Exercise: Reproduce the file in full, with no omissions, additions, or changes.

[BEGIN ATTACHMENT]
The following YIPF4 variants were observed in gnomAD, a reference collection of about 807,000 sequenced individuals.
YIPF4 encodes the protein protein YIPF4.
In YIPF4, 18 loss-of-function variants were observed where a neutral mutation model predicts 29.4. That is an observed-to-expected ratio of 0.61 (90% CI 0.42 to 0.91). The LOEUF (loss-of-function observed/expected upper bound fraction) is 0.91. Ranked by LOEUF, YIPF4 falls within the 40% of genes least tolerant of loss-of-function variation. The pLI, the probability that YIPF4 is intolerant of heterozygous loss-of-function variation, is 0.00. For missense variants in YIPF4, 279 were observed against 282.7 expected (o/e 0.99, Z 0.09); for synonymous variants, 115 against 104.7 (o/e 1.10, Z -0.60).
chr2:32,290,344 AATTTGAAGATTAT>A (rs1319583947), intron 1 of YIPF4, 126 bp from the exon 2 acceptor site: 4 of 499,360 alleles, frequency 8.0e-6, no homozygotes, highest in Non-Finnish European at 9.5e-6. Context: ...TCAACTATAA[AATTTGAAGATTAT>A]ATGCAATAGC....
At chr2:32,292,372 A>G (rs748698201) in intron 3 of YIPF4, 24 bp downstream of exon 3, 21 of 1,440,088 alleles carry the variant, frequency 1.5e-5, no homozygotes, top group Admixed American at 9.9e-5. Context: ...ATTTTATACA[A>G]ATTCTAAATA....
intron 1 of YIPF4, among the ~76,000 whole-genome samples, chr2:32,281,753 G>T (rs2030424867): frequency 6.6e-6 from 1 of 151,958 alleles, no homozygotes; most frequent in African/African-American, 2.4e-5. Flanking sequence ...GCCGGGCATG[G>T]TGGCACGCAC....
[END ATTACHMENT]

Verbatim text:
The following YIPF4 variants were observed in gnomAD, a reference collection of about 807,000 sequenced individuals.
YIPF4 encodes the protein protein YIPF4.
In YIPF4, 18 loss-of-function variants were observed where a neutral mutation model predicts 29.4. That is an observed-to-expected ratio of 0.61 (90% CI 0.42 to 0.91). The LOEUF (loss-of-function observed/expected upper bound fraction) is 0.91. Ranked by LOEUF, YIPF4 falls within the 40% of genes least tolerant of loss-of-function variation. The pLI, the probability that YIPF4 is intolerant of heterozygous loss-of-function variation, is 0.00. For missense variants in YIPF4, 279 were observed against 282.7 expected (o/e 0.99, Z 0.09); for synonymous variants, 115 against 104.7 (o/e 1.10, Z -0.60).
chr2:32,290,344 AATTTGAAGATTAT>A (rs1319583947), intron 1 of YIPF4, 126 bp from the exon 2 acceptor site: 4 of 499,360 alleles, frequency 8.0e-6, no homozygotes, highest in Non-Finnish European at 9.5e-6. Context: ...TCAACTATAA[AATTTGAAGATTAT>A]ATGCAATAGC....
At chr2:32,292,372 A>G (rs748698201) in intron 3 of YIPF4, 24 bp downstream of exon 3, 21 of 1,440,088 alleles carry the variant, frequency 1.5e-5, no homozygotes, top group Admixed American at 9.9e-5. Context: ...ATTTTATACA[A>G]ATTCTAAATA....
intron 1 of YIPF4, among the ~76,000 whole-genome samples, chr2:32,281,753 G>T (rs2030424867): frequency 6.6e-6 from 1 of 151,958 alleles, no homozygotes; most frequent in African/African-American, 2.4e-5. Flanking sequence ...GCCGGGCATG[G>T]TGGCACGCAC....